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Jack Weinstein

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A 2006 article about a “new” video game is once again being circulated on the internet. It’s probably a fake, although doesn’t have anything about it. The alleged game is based on the Left Behind series of books, and involves the player pretending to be in a gang of Christians killing Jews and atheists who refuse to convert. The (probably fraudulent) story has sparked outrage both from people who are offended at the violence against particular groups and by people who feel it misrepresents Christianity. There are also, predictably, people who argue that the Jews and atheists in question deserve it and others who claim that this is entirely consistent with the history of Christian power.

My reaction as a philosopher, however, is different. I ask, first, what the substantive difference is between this and the endless number of other video games that kill all kinds of people, and then I ask whether or not being rude is indeed a violation of freedom of speech.The latter, of course, forces us to ask about the relationship between the law and morality, a question that is endlessly complex.

Let me explain: First, what makes this (likely, fake) game different is that it is aimed at a particular subgroup – Jews and atheists – not enemy soldiers, robots, or egg-stealing pigs. It is easy to see why there would be outrage if there was a game about lynching African Americans or raping women, so why shouldn’t there be equal outrage if Jews and atheists are the victims? But, the opposition can argue, the game is make believe (more on this in a moment), so no actual Jew, atheist, African American, or woman, is actually being harmed, and since no one is actually being harmed, it becomes fairly easy to dismiss the outrage.

But that’s not really the argument against the game. Instead, the implicit reason for the anger is that video games shouldn’t teach hate, either in the name of Christianity or otherwise. But if this is the argument, then the game is certainly legally permissible, even if it is, on some level immoral (is it?), because declaring hate is protected by free speech. And again, if brute violence is immoral, then why isn’t Grand Theft Auto or other video games where the player kills prostitutes or, heck, anyone else who gets in their way, immoral as well? (Or, are they?)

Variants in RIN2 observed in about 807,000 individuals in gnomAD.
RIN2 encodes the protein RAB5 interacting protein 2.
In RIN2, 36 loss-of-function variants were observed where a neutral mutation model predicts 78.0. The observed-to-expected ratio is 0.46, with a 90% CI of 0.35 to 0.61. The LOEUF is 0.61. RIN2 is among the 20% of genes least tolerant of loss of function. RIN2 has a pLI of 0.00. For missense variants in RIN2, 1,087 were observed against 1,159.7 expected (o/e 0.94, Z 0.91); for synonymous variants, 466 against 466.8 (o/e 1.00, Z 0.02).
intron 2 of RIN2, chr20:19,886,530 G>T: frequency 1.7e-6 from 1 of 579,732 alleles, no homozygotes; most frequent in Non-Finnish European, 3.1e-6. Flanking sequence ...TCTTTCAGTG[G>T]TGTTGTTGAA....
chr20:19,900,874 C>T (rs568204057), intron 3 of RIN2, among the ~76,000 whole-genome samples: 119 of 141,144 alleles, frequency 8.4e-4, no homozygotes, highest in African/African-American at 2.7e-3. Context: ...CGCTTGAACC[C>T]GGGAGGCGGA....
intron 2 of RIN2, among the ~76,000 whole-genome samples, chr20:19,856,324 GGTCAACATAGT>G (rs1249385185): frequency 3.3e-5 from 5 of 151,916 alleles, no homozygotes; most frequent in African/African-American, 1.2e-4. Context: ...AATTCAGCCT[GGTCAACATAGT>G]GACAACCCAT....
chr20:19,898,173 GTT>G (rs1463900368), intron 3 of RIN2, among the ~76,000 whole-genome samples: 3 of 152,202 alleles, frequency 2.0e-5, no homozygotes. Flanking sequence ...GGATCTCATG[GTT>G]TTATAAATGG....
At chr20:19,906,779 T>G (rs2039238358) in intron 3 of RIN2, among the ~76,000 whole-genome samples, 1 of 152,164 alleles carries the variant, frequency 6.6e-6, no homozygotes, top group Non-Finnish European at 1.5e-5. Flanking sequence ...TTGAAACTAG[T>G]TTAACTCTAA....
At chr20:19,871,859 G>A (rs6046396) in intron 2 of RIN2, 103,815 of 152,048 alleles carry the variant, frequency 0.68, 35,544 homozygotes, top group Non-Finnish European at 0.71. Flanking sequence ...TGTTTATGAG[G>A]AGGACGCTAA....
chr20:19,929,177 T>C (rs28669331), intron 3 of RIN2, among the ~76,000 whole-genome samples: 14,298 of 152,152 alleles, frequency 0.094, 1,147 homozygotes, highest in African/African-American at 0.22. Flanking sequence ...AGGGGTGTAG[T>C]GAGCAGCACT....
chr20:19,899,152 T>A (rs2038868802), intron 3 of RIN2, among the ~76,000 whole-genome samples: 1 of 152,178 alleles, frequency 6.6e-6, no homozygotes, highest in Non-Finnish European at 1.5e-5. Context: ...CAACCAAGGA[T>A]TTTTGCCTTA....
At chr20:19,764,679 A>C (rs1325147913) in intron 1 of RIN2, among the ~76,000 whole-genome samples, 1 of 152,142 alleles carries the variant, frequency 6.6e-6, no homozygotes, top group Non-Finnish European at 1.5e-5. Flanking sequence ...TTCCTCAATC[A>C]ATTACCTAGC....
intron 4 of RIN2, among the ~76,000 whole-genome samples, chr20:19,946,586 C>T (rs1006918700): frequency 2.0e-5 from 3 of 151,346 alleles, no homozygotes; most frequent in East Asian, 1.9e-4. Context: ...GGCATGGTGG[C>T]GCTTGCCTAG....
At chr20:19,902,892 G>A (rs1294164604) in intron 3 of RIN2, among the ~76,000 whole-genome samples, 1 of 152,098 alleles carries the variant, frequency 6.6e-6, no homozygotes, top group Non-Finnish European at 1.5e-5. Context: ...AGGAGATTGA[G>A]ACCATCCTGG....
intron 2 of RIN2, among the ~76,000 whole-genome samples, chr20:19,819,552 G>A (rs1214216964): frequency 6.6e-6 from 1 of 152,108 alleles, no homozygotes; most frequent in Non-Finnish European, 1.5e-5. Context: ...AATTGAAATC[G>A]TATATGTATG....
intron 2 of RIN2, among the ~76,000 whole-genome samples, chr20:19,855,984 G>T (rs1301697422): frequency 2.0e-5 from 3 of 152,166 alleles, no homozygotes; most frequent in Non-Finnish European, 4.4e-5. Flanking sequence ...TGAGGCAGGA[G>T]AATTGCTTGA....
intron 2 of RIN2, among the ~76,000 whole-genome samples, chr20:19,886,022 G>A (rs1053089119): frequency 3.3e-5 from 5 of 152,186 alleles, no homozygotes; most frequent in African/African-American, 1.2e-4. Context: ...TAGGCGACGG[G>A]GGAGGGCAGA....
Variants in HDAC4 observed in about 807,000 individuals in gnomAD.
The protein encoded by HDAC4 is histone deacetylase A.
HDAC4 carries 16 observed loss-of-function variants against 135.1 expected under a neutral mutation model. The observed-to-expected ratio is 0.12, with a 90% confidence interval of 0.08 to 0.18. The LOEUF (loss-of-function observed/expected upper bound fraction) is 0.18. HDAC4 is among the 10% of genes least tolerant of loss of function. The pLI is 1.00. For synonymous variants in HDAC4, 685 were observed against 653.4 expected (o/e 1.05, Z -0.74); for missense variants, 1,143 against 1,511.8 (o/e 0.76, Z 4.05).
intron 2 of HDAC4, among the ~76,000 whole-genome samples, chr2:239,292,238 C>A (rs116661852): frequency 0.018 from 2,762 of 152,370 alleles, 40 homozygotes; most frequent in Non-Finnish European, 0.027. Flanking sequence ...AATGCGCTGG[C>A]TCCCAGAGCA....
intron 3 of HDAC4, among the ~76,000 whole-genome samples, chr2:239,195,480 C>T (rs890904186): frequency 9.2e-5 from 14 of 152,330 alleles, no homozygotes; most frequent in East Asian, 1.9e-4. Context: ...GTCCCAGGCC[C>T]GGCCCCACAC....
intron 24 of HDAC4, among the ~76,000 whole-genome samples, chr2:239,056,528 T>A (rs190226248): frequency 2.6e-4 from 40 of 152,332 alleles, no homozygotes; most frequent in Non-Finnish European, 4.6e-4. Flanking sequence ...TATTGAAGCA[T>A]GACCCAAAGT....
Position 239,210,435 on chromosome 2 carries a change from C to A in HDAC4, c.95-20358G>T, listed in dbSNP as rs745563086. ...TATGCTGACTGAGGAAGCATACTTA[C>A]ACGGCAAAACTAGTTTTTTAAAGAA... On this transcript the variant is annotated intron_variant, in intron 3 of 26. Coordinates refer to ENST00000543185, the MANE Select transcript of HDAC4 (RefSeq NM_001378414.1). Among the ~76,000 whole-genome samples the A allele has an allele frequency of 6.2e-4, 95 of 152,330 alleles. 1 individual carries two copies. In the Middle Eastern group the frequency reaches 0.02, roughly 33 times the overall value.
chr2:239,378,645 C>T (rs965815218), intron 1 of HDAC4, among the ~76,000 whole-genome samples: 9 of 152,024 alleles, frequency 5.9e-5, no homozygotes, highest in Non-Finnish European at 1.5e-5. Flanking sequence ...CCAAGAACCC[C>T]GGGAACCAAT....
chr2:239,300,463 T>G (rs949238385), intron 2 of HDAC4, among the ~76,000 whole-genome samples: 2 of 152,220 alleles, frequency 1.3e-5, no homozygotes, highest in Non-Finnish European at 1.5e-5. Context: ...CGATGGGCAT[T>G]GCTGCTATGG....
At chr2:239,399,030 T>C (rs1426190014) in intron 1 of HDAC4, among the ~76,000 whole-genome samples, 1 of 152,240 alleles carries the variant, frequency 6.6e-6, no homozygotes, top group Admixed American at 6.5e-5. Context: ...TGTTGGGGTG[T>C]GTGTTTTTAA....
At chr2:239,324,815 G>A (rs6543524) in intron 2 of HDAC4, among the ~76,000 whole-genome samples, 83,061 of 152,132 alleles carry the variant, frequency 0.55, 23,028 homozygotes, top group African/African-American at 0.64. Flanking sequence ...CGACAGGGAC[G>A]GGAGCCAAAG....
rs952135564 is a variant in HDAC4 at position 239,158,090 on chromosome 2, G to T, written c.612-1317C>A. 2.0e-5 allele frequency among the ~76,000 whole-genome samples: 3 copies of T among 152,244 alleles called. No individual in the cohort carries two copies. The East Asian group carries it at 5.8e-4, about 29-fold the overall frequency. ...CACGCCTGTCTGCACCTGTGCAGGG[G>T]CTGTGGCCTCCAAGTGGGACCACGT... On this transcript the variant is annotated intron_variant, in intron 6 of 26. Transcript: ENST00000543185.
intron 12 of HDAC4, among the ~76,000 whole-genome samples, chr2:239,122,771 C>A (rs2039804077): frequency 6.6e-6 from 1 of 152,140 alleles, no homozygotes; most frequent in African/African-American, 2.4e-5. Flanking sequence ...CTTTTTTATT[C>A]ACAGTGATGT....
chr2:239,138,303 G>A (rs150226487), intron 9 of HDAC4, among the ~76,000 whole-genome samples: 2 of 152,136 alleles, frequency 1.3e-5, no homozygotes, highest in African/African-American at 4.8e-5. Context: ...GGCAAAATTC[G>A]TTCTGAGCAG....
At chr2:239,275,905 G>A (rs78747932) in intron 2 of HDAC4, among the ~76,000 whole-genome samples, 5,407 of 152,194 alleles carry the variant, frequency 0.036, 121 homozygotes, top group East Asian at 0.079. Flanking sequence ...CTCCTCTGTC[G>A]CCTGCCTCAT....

Some Christian theologies still hold that the only way to redemption is through Christ (although certainly not all hold this opinion). Some of these also hold that violence and compulsion are acceptable means of conversion (although, in this case, these are in the vast minority). Are not these people entitled to their own video games? Again, they’re not actually hurting anyone. They’re being rude, they’re teaching hate, they’re misrepresenting a religion (most people think), but they’re not hurting anyone any more than Saw, Harry Potter, or Saving Private Ryan are. It’s all pretend. That is, it’s pretend, unless it can be shown that the video games actually inspire people to act on their hate or to hate people more than they might otherwise do without playing the video game. This is where the twist in the story comes in.

According to the article that everyone points to in their outrage,

The company is offering a free demonstration model to churches. “We see it as a beacon of light that could shine in the dark world of video games,” said Jerome Mikulich, “director of outreach ministries” for the company. “The most important thing is that it helps kids realize there is power in the spirit world, and that by praying they can endure and get through their real-life situations.”

In other words, the video game is not just teaching hate, but teaching that the slaughter of Jews and atheists is a “beacon of light,” and that people should want this to come true. So, the real objection is not that the video game is teaching people what to believe (to hate), but that it is teaching people how to act.

If this is indeed the case, what is the impermissible part, teaching people that they should act this way or people actually acting this way? No one seems to be doing the latter, just like no one actually committed suicide because Ozzy Osborne told them to. Thus, the only things that is genuinely objectionable in the story are people’s desires. Legislating against wants is a tricky business, although ironically, it is Christianity that has had the most consistent argument that individual thoughts can indeed by sinful.

On some level, a video game like this, if it were real, would infuriate me. On another level, though, I don’t even know if I would react at all. It seems totally consistent with the kind of hate and tolerance that permeates the world (and not, obviously, just from Christians). In fact, there seems to be something soothing about it being out there for all to see. To show this, I will conclude by quoting something that several different black students have said to me in private conversation over the years, all independent of one another, and most in very different geographical locations. Each of them reported that they would rather live in the Southern United States than in the North because while both regions are incredibly racist, at least in the South “you know where you stand.” In this respect, the likely-fake video game has its merits. If I am ever in someone’s house and I see it on the shelf, I know both where I stand and how fast I have to leave.

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